Two Ethiopian Airlines maintenance technicians hid in a ceiling void above the passenger cabin of a commercial plane in order to flee Ethiopia and claim asylum in the United States, a spokesperson for the US Customs and Border Protection has confirmed.
The two men claimed asylum on December 1 after clambering into the tiny void space in the ceiling of a Boeing 777 passenger jet and surviving a 36-hour journey from Addis Ababa. The plane ended up in Washington DC but went via Lagos, Nigeria and Dublin, Ireland before eventually ending up in the United States.
An airline source who spoke with CNN said an investigation concluded that the men had accessed the void space via a maintenance access panel within the flight attendant rest compartment which is fitted to some 777 aircraft.
On arrival in Washington DC, the men climbed out of their hiding space and surrendered to CBP officers. A spokesperson for CBP said the men “possessed Ethiopian Airlines employee identification cards, and that they stowed away with the intent of claiming asylum in the United States.”
“The two Ethiopian males are presently housed at a federal detention facility pending a hearing before an immigration judge,” the statement continued.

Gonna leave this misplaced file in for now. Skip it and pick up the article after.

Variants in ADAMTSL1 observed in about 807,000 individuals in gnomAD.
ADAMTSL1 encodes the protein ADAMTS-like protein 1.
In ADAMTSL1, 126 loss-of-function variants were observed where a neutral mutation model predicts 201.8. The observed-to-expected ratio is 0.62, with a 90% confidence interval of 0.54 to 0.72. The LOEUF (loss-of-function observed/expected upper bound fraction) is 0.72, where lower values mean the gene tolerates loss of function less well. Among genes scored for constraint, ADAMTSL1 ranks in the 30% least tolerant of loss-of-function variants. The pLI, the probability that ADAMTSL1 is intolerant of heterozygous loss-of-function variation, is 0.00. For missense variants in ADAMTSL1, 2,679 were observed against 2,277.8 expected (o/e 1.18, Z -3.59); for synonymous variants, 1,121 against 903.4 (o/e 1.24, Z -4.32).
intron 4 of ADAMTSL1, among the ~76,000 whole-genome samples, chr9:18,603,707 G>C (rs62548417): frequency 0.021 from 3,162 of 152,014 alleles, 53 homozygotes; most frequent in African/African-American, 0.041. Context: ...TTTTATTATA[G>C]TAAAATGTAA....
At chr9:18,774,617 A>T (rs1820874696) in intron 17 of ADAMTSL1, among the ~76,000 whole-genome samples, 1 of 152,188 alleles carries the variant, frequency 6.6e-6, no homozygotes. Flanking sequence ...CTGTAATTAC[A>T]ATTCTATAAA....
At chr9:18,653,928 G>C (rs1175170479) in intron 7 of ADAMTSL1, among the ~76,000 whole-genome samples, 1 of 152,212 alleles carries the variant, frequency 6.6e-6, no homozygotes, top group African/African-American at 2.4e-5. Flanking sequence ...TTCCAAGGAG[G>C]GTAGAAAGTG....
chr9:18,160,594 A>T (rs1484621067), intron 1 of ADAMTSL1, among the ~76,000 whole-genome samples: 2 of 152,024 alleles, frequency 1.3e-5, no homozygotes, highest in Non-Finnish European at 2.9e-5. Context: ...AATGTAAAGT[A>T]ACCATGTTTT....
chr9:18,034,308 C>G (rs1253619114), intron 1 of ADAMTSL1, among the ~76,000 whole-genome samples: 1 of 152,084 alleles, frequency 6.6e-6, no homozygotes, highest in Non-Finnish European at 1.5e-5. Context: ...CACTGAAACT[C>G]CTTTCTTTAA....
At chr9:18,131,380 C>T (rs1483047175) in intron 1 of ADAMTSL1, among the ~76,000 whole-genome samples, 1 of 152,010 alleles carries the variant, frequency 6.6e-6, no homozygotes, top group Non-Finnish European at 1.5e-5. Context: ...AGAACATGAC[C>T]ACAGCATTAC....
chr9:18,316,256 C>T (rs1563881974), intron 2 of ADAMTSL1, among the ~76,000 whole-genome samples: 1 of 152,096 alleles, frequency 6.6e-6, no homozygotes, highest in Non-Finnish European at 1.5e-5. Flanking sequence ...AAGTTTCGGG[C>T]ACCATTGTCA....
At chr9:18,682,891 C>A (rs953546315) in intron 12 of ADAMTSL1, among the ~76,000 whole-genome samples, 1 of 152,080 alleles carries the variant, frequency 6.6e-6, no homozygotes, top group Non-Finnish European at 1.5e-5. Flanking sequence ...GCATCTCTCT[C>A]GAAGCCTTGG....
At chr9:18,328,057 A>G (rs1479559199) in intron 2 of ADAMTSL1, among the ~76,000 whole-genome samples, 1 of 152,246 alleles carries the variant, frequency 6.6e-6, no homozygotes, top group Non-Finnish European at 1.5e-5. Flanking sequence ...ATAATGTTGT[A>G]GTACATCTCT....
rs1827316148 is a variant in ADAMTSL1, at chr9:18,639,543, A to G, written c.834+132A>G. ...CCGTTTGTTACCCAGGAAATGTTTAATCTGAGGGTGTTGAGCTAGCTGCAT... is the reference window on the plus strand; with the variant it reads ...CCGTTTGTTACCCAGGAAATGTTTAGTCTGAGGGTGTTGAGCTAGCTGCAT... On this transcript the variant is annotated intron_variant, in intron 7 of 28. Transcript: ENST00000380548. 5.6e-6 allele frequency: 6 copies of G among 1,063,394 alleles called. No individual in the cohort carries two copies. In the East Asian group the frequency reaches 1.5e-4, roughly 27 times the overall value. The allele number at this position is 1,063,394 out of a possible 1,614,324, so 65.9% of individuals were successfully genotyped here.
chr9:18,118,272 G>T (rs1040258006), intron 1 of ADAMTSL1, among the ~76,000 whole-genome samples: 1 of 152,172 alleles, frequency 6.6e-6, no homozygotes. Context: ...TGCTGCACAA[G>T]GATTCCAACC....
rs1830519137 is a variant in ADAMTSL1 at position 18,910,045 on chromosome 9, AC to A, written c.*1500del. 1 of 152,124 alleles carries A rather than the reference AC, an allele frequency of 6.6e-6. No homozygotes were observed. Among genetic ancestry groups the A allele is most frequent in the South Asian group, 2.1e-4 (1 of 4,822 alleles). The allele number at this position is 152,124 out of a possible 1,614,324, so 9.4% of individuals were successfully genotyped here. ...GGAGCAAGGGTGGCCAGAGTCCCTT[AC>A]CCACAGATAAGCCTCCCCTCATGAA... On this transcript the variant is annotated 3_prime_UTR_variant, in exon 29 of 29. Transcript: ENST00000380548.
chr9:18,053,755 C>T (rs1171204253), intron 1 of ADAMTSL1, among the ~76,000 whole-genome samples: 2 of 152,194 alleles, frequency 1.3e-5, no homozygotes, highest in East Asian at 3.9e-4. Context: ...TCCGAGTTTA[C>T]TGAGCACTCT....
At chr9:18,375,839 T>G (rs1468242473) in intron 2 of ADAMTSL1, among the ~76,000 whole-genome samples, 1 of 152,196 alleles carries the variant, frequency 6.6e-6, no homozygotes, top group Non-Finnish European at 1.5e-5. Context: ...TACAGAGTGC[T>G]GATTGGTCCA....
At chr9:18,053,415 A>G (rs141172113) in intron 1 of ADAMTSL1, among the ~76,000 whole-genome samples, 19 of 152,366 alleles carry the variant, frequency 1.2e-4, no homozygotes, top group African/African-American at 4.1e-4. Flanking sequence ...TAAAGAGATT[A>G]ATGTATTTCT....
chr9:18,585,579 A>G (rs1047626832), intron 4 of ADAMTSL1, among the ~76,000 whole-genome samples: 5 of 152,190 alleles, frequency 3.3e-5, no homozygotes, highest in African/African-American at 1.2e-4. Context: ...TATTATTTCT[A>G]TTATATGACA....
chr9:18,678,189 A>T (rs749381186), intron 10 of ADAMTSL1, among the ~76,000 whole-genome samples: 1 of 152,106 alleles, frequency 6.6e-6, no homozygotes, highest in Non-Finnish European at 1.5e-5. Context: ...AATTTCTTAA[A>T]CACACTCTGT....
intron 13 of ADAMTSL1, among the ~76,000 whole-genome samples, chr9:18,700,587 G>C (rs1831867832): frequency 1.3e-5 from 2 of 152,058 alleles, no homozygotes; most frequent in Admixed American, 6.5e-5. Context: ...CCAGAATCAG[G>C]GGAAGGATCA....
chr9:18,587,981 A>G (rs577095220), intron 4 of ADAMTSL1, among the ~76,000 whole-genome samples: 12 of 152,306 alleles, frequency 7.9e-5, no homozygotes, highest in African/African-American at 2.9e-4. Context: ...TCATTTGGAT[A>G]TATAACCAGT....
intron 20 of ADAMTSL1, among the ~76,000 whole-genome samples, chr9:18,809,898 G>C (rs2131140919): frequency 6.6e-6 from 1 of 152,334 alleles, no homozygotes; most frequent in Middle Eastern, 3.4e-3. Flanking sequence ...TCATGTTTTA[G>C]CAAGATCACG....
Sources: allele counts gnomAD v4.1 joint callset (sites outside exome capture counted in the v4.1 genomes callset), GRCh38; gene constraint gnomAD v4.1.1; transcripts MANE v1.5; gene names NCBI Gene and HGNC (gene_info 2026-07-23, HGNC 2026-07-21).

“CBP issued a civil penalty to Ethiopian Airlines for the security breach and were briefed on measures the airline is undertaking to enhance the airline’s aircraft security plan.”
The security breach is not an isolated incident. As many as 16 Ethiopian Airlines have managed to illegally smuggle themselves out of Ethiopia on the carrier’s own planes. Some have allegedly dressed up as cabin crew, while others have hidden in the cargo hold of commercial jets.
Two former Ethiopian Airlines employees told of how they fled to Brussels on December 4, 2021, after concealing themselves amongst crew baggage within the bulk cargo hold of an Ethiopian Airlines plane.
“We took the risk. We were — we had no choice, we had no choice, we couldn’t live in Addis Ababa, we were being treated as terrorists,” one of the men told CNN.
They are both of Tigrayan heritage from the contested Tigray region in northern Ethiopia. The Ethiopian government has been involved in a fierce conflict with Tigrayan separatists and the national flag carrier has been accused of helping to transports military arms and personnel.
Ethiopian Airlines strenuously denies the allegations.
The airline has also been accused of discriminating against employees with Tigray heritage but Ethiopian Airlines says it “strongly refutes” the allegations. Ethiopian Airlines is yet to publicly comment on the latest allegations.
Mateusz Maszczynski honed his skills as an international flight attendant at the most prominent airline in the Middle East and has been flying throughout the COVID-19 pandemic for a well-known European airline. Matt is passionate about the aviation industry and has become an expert in passenger experience and human-centric stories. Always keeping an ear close to the ground, Matt's industry insights, analysis and news coverage is frequently relied upon by some of the biggest names in journalism.